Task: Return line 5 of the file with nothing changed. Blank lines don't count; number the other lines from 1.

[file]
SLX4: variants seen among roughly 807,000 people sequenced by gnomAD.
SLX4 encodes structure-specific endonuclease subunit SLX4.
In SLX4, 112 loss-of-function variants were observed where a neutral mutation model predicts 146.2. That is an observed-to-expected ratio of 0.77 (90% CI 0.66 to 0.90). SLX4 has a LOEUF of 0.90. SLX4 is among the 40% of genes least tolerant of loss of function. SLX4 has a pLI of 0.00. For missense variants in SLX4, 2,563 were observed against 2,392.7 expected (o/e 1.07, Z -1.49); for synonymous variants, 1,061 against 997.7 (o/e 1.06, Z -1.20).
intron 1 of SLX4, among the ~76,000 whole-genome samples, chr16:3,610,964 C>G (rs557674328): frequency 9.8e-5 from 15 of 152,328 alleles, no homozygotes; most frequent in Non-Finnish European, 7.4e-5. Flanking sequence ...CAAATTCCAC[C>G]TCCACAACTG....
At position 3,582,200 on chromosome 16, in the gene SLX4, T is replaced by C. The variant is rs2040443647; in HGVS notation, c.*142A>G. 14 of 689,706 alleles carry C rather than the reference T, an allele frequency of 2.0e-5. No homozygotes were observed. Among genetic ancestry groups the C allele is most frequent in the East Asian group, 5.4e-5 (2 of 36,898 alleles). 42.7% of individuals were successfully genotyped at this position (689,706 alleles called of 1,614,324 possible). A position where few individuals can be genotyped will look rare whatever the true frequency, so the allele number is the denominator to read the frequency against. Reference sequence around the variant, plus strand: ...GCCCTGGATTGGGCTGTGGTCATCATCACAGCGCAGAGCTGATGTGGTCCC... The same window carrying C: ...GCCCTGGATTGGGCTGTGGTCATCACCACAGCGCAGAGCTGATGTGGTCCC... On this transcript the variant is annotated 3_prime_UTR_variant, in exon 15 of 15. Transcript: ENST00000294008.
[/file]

At position 3,582,200 on chromosome 16, in the gene SLX4, T is replaced by C. The variant is rs2040443647; in HGVS notation, c.*142A>G. 14 of 689,706 alleles carry C rather than the reference T, an allele frequency of 2.0e-5. No homozygotes were observed. Among genetic ancestry groups the C allele is most frequent in the East Asian group, 5.4e-5 (2 of 36,898 alleles). 42.7% of individuals were successfully genotyped at this position (689,706 alleles called of 1,614,324 possible). A position where few individuals can be genotyped will look rare whatever the true frequency, so the allele number is the denominator to read the frequency against. Reference sequence around the variant, plus strand: ...GCCCTGGATTGGGCTGTGGTCATCATCACAGCGCAGAGCTGATGTGGTCCC... The same window carrying C: ...GCCCTGGATTGGGCTGTGGTCATCACCACAGCGCAGAGCTGATGTGGTCCC... On this transcript the variant is annotated 3_prime_UTR_variant, in exon 15 of 15. Transcript: ENST00000294008.